And thus the stencils stand in many regards proxy for how Charles Rennie Mackintosh sought to rationalise, not just formally, but in terms of construction, material and process; how he sought to move ornamentation on from something that existed in its own right and thereby something which was deemed to add value to an object, to something that was a logical and inherent component of an object; to remove the superfluous from existing architectural genres and create contemporary interpretations of, more or less, vernacular Scottish architecture; and generally sought to make architecture and design relevant for the coming age.
Wider than it is deep Making the Glasgow Style involves a degree of application on behalf of the visitor, it’s not all presented on a plate, you have to work a little yourself, but, and as ever, we assume you are there to learn; do that and you’ll discover a very accessible and reasoned introduction to not only Charles Rennie Mackintosh’s importance and relevance for the development of architecture and design, but also that of his contemporaries and his native city.
And an introduction which is the perfect place from which to head out and explore further, Glasgow being as it is still home to many of the locations and buildings associated with Charles Rennie Mackintosh and his contemporaries, while the nearby Hunterian Museum with its, recreated, Charles Rennie Mackintosh house, offers a presentation of furniture, furnishings and applied arts developed by The Four in room settings; settings which provide a pleasing alternative impression of works viewed in the Making the Glasgow Style and therefore an interesting and valuable reinforcement of that learned. Sadly the powers that be don’t appear to have succumbed to the irresistible logic of a combi-ticket for both presentations, and so you’ll have to, as it were, go alone. If you decide to crawl, stumble or stagger between the two is entirely up to you.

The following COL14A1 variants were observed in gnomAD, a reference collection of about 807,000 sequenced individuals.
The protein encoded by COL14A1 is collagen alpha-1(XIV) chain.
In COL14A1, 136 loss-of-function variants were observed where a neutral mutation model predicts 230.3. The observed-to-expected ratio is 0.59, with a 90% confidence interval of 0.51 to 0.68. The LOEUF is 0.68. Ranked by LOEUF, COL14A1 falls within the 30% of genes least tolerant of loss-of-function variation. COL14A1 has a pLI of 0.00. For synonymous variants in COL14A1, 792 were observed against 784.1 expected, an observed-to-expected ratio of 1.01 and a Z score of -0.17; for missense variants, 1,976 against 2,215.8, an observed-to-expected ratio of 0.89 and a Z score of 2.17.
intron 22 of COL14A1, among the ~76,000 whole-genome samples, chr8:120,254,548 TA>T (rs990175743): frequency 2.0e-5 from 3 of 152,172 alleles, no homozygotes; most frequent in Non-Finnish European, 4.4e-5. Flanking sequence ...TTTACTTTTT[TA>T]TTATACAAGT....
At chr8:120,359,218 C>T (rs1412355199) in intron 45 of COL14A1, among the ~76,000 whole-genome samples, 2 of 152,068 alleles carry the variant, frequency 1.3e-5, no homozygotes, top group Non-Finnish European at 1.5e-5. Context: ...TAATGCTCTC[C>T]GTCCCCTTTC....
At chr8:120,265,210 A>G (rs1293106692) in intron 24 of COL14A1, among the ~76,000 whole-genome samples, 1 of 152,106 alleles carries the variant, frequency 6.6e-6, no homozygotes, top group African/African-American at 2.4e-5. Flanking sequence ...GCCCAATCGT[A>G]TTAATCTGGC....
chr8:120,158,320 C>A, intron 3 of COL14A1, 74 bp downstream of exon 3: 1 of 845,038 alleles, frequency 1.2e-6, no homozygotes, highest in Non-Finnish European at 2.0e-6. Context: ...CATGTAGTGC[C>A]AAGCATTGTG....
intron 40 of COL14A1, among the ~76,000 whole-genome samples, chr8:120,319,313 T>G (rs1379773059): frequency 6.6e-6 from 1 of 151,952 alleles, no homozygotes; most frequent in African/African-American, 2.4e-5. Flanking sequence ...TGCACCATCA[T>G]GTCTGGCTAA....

Charles Rennie Mackintosh. Making the Glasgow Style runs at the Kelvingrove Art Gallery and Museum, Argyle Street, Glasgow, G3 8AG until Tuesday August 14th
Full details, including information on the supporting fringe programme can be found at www.glasgowlife.org.uk
2. Neil Jackson, Found in Translation: Mackintosh, Muthesius, and Japan, Japan Society Proceedings https://livrepository.liverpool.ac.uk/2010331/1/Japan%20Soceity%20proceedings.pdf Accessed 05.04.2018